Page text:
I am trying to learn about engines, so my question is where do valves, camshaft etc go inside different engines? I see different engine have them in different places, base on if the engine is a inline, v-line or flat.
This will be for modern car engines. This does not necessarily include motorcycle, 2 stroke, or equipment (lawn mower), etc.. This is based on what I've seen so there may be other examples I am not aware of or have forgotten.
The cylinder head is installed on top of the block. There are a few common parts on all cylinder heads. Intake ports, Exhaust ports, combustion chambers, valves and valve springs. There are also passages for oil and coolant.
Valves will be in the cylinder head. They are held in place with the valve spring. You can see the valve stems and valve springs if you remove the valve cover.
Valves are opened by the camshaft and closed by the valve spring. The camshaft is typically in 1 of 3 locations.
In the block. In this case there is a lifter that rides on the cam shaft lobes, a push rod, and a rocker. The cam pushes the lifter, which pushes the push rod, this pushes up on one side of the rocker, which pushes down on the valve.
In the head, next to the valves. This setup has the cam, rocker, and at some point a lifter. The cam pushes the rocker, which opens the valve.
In the head, directly over the valves. In this configuration, there is a bucket over the valve and valve spring that cam touches directly.
Flat-head engines (older lawnmower engines, early car engines) have the valve ports actually in the block face opening upward (the head is an entirely passive piece with zero moving parts except for the coolant). The valve stems go downward into the block, and there are side compartments for access to the valve springs and lifter adjustments. The cam is below the lifters, so close to the crank that it's typically gear or chain drive.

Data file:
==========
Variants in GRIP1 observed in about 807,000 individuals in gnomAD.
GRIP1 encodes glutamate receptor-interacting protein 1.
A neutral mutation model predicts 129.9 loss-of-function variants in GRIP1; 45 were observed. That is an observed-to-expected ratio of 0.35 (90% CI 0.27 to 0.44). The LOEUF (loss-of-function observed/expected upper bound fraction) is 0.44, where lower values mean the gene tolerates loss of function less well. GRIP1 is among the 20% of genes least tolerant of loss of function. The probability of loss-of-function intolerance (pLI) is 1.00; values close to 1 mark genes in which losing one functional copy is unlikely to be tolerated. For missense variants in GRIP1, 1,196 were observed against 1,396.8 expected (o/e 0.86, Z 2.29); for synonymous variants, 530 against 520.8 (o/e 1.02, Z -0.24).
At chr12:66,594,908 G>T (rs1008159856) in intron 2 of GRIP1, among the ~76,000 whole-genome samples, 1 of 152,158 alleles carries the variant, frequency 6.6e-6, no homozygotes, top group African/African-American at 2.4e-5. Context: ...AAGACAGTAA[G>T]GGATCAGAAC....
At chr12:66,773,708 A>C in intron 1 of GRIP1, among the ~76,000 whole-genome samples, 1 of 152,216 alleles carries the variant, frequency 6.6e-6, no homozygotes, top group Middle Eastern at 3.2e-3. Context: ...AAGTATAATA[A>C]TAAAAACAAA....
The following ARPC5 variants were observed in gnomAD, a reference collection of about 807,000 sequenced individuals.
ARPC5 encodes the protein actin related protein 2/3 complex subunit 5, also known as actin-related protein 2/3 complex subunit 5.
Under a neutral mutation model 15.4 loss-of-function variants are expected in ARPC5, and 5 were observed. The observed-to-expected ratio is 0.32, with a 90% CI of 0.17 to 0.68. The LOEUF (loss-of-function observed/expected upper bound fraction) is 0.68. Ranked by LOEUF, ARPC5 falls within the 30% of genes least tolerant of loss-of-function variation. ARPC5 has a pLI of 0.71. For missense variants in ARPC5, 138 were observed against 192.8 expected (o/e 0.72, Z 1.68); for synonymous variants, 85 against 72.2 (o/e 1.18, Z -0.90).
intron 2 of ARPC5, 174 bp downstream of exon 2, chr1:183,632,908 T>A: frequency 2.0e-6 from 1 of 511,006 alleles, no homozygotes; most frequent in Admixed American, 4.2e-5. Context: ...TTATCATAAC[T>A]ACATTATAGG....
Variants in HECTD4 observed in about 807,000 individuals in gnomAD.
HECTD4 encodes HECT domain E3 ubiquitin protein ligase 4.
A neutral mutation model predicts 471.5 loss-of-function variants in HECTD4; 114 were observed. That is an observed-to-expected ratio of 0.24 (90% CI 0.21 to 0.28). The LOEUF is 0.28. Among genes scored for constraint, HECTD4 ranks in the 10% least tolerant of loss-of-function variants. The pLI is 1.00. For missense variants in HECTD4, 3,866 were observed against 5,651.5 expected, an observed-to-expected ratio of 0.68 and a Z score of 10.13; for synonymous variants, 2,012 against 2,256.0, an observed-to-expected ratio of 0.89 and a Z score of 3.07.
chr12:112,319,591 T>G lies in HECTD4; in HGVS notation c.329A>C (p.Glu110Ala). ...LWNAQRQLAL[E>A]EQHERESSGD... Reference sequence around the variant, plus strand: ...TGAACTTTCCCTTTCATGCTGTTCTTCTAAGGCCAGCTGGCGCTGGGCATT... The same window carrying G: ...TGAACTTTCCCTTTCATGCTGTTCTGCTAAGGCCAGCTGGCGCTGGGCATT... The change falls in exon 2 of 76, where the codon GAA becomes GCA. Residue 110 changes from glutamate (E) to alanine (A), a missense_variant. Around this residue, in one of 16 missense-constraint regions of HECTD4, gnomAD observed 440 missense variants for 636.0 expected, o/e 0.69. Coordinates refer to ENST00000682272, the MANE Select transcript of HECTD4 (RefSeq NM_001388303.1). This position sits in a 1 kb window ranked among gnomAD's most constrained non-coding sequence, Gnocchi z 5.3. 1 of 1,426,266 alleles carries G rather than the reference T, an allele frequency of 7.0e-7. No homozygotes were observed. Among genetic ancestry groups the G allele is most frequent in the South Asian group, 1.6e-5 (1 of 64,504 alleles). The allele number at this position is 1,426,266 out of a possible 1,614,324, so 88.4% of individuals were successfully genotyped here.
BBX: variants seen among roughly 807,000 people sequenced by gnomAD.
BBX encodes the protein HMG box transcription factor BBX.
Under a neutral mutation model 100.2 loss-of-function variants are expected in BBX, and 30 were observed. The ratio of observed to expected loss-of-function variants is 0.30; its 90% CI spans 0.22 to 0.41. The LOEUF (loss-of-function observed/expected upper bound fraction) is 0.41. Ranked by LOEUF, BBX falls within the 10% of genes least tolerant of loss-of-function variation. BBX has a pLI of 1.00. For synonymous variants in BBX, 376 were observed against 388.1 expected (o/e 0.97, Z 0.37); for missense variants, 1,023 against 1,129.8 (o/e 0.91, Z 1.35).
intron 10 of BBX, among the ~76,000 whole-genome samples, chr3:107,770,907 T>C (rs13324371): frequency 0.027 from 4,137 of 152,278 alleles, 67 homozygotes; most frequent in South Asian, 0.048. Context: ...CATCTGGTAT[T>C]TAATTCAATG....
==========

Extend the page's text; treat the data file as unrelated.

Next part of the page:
Flat-head 'Vee" engines place the camshaft in the vee, directly above the crank.
Flat-head pancake engines (opposed cylinder) place the camshaft typically above the crank.
Not to be confused with opposed-piston engines, which have opposing crankshafts with pistons that mash together. They have no cam or valves; they have intake ports on one piston and exhaust ports on the other. Darlings of marine and early railroad, they're rarely seen elsewhere because the dual cranks and synchronization gear is heavy, and like any 2-cycle engine, it's VERY hard for them to pass Tier 3 emissions.
Overhead-valve engines have valves in the head opening downward. tend to place the cam in the same place as flathead engines. They use a long pushrod that push "up" and tip rocker arms which push the valves down. They're an obvious "mod" of the flathead design.
Overhead-cam engines have cams up in the head. They typically use a rubber toothed belt for drive, since it's quite a long distance from the crank (this gets outrageous on a "Vee" engine). The cam either acts directly on a lifter that cushions the valve stem, or via a "rocker arm" arrangement of some sort.
Dual-overhead-cam engines have two cams in the head, each handling half the valves.